Location: Pueblo, CO (Lake Pueblo State Park)
Last night was as expected, cold but bearable. My sleeping bag failed to keep me warm as temperatures dipped into the twenties. At some time in the night, probably early morning, the cold woke me. My feet, chest, shoulders, and face were cold. I quickly decided there was no hope for my sleeping bag to keep me warm, so I pulled all my clothes out of my makeshift pillow and put most of them on. My shirt and two jackets, my long johns, and my socks. I wore my beanie as usual, and I cinched my bag around my head so only my nose and mouth were exposed. I was still cold, but I fell back asleep. Brian rattled me away with several raps on my tent come morning. When I close my sleeping bag’s mummy head around my eyes, it blocks all the light, so I don’t wake up with the sun. I never see the growing light or morning through my eyelids.
I reluctantly crawled out of my sleeping bag into the frosty morning. The cold air rushed into my lungs, and I was immediately awake. I went to work packing my gear, leaving some of it to dry in the sun and wind. I ate my breakfast: a couple pop-tarts, a cereal bar, and a Clif Bar. I even had some Red Hots. We said goodbye to Warren who was painting his porch and we headed out on the road, bound for warmer temperatures. When we left, I had several layers of clothes on, even my beanie squished underneath my helmet. We had twenty miles of gradual downhill to Cannon City, and the air and wind were bitter cold.
My fingers never gained feeling on the twenty miles. I never broke a sweat because I never really worked. So I didn’t remove any clothing. I was bundled up like I was going skiing as I made my way down the mountain. It certainly felt like a southern winter though it was in fact a mountain summer. Once we descended a little in elevation, the air warmed, but the wind blew at us all day and we dealt with the dreaded rough payment. Even more so than wind, nothing works more against our progress than this rough pavement. It slows us, rattles us, and wears on our patience.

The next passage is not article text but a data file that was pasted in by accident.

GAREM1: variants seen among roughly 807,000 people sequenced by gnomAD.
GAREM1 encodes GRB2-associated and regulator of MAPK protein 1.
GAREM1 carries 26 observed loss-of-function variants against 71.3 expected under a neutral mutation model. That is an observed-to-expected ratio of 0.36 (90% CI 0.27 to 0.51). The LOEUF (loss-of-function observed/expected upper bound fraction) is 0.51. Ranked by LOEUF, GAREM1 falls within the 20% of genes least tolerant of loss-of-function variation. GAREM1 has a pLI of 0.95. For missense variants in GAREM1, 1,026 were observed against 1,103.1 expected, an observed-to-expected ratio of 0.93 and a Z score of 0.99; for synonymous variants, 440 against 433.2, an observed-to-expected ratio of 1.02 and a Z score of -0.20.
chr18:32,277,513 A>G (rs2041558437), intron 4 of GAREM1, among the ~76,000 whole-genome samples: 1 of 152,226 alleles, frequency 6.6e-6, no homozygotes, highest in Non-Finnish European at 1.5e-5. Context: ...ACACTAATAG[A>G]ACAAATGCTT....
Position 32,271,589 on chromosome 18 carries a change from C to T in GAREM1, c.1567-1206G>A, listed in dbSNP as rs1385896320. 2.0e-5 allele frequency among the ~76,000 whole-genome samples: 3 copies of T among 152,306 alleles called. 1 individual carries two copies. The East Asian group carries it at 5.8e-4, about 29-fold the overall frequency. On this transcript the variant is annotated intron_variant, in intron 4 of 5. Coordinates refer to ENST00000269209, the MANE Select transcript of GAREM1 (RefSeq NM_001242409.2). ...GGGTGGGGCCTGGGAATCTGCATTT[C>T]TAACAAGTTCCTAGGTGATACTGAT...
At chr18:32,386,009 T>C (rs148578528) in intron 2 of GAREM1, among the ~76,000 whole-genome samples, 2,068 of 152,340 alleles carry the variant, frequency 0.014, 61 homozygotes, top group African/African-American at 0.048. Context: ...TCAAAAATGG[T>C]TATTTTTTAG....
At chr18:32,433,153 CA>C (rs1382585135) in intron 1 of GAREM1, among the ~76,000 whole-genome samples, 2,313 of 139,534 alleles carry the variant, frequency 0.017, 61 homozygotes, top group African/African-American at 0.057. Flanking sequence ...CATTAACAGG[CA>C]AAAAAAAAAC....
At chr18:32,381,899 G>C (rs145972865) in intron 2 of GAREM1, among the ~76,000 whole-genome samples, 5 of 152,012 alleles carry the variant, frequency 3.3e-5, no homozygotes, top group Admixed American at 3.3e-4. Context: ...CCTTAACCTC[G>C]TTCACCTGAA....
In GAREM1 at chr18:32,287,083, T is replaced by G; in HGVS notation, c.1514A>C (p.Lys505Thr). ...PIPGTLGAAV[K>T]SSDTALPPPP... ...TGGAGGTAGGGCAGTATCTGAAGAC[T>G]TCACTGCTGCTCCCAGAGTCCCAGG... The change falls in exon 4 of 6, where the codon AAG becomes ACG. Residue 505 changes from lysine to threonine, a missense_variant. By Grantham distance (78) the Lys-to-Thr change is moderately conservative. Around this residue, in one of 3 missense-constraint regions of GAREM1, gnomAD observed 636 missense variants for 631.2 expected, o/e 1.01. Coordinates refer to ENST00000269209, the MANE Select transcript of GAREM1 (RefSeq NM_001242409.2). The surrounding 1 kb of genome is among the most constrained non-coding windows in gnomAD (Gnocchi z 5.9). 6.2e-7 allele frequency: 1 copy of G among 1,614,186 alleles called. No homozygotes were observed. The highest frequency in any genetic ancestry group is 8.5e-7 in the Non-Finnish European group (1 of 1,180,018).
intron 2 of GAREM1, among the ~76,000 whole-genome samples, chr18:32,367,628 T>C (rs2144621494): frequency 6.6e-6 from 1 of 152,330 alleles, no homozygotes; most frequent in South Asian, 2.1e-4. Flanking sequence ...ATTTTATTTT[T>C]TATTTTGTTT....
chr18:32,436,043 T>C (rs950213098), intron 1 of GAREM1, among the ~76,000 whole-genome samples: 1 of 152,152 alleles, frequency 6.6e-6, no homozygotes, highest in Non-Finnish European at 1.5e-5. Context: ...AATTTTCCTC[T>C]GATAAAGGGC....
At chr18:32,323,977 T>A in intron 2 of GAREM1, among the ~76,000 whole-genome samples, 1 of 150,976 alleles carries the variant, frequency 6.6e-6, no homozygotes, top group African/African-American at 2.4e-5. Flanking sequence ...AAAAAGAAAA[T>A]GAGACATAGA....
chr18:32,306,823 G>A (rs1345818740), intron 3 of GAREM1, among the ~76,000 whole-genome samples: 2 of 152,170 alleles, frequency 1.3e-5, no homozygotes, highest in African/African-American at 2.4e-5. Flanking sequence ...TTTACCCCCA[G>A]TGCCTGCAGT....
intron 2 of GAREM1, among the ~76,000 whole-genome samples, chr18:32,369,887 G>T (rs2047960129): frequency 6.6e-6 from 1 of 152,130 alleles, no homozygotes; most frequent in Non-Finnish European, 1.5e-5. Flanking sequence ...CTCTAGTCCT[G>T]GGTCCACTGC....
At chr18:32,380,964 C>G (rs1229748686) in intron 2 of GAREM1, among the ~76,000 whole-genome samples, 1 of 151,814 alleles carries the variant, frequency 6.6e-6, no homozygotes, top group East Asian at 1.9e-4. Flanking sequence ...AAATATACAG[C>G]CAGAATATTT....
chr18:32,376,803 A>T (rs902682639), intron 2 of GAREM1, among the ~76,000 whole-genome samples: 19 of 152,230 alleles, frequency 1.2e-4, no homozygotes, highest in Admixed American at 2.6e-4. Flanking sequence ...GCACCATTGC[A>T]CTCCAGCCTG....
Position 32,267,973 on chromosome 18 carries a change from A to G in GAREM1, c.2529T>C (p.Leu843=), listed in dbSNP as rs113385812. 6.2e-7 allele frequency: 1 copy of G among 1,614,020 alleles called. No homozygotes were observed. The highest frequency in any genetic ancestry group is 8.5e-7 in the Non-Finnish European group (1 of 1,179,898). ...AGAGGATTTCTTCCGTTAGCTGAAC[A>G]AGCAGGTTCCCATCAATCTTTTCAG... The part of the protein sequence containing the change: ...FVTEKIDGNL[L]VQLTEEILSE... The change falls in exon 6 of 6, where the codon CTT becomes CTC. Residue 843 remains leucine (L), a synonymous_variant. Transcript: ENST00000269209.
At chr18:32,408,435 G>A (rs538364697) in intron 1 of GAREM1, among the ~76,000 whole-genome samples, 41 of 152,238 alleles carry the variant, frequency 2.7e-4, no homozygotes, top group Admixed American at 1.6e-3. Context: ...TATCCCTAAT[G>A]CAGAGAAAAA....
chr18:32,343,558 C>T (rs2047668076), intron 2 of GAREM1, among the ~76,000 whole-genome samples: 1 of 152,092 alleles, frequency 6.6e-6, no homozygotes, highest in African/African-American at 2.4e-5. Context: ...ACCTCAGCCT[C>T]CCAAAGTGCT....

We hammered out almost eighty miles to the west edge of Pueblo. For the last twenty or so, I just put my head down and pedaled. I didn’t stop to take pictures, have snacks, or even wait for Brian to catch up. I just pushed through the wind and over the rolling hills, finally arriving at the reservoir.
The evening is warm and I made contact with home, talking on the phone for over thirty minutes. A hurricane, Hannah, approaches the Triangle, and Chris and family have joined mom and dad at their house to wait out the storm. Katie and Sarah are hunkered down on Mills Street with a bottle of wine, also waiting out the storm. Two thousand miles away though, Brian and I finally have some pleasant weather, albeit overcast and threatening.